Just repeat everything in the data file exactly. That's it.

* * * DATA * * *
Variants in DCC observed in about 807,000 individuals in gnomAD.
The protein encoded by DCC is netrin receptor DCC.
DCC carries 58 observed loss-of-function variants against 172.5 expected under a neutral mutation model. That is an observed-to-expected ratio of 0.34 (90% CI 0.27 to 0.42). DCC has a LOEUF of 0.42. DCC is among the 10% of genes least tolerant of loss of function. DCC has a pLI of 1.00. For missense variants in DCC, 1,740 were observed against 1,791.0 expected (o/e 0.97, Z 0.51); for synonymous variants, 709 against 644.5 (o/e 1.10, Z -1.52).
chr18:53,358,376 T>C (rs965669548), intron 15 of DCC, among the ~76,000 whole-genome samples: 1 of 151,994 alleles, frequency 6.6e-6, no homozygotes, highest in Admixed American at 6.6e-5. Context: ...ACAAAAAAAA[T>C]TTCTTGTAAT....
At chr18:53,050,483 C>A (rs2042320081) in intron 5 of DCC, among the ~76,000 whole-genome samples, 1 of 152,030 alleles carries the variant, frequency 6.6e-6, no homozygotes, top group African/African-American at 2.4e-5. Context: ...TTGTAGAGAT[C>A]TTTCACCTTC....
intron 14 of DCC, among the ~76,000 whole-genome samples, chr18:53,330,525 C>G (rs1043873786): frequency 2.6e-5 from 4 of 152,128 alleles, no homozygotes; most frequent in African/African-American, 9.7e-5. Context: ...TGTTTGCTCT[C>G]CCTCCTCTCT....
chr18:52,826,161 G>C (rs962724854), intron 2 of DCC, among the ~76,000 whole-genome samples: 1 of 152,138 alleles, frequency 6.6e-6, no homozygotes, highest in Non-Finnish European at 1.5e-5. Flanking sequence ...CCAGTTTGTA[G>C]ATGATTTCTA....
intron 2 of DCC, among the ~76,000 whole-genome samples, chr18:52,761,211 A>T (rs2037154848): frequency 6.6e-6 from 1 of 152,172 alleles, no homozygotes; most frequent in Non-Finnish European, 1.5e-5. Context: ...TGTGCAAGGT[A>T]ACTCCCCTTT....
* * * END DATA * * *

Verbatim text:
Variants in DCC observed in about 807,000 individuals in gnomAD.
The protein encoded by DCC is netrin receptor DCC.
DCC carries 58 observed loss-of-function variants against 172.5 expected under a neutral mutation model. That is an observed-to-expected ratio of 0.34 (90% CI 0.27 to 0.42). DCC has a LOEUF of 0.42. DCC is among the 10% of genes least tolerant of loss of function. DCC has a pLI of 1.00. For missense variants in DCC, 1,740 were observed against 1,791.0 expected (o/e 0.97, Z 0.51); for synonymous variants, 709 against 644.5 (o/e 1.10, Z -1.52).
chr18:53,358,376 T>C (rs965669548), intron 15 of DCC, among the ~76,000 whole-genome samples: 1 of 151,994 alleles, frequency 6.6e-6, no homozygotes, highest in Admixed American at 6.6e-5. Context: ...ACAAAAAAAA[T>C]TTCTTGTAAT....
At chr18:53,050,483 C>A (rs2042320081) in intron 5 of DCC, among the ~76,000 whole-genome samples, 1 of 152,030 alleles carries the variant, frequency 6.6e-6, no homozygotes, top group African/African-American at 2.4e-5. Context: ...TTGTAGAGAT[C>A]TTTCACCTTC....
intron 14 of DCC, among the ~76,000 whole-genome samples, chr18:53,330,525 C>G (rs1043873786): frequency 2.6e-5 from 4 of 152,128 alleles, no homozygotes; most frequent in African/African-American, 9.7e-5. Context: ...TGTTTGCTCT[C>G]CCTCCTCTCT....
chr18:52,826,161 G>C (rs962724854), intron 2 of DCC, among the ~76,000 whole-genome samples: 1 of 152,138 alleles, frequency 6.6e-6, no homozygotes, highest in Non-Finnish European at 1.5e-5. Flanking sequence ...CCAGTTTGTA[G>C]ATGATTTCTA....
intron 2 of DCC, among the ~76,000 whole-genome samples, chr18:52,761,211 A>T (rs2037154848): frequency 6.6e-6 from 1 of 152,172 alleles, no homozygotes; most frequent in Non-Finnish European, 1.5e-5. Context: ...TGTGCAAGGT[A>T]ACTCCCCTTT....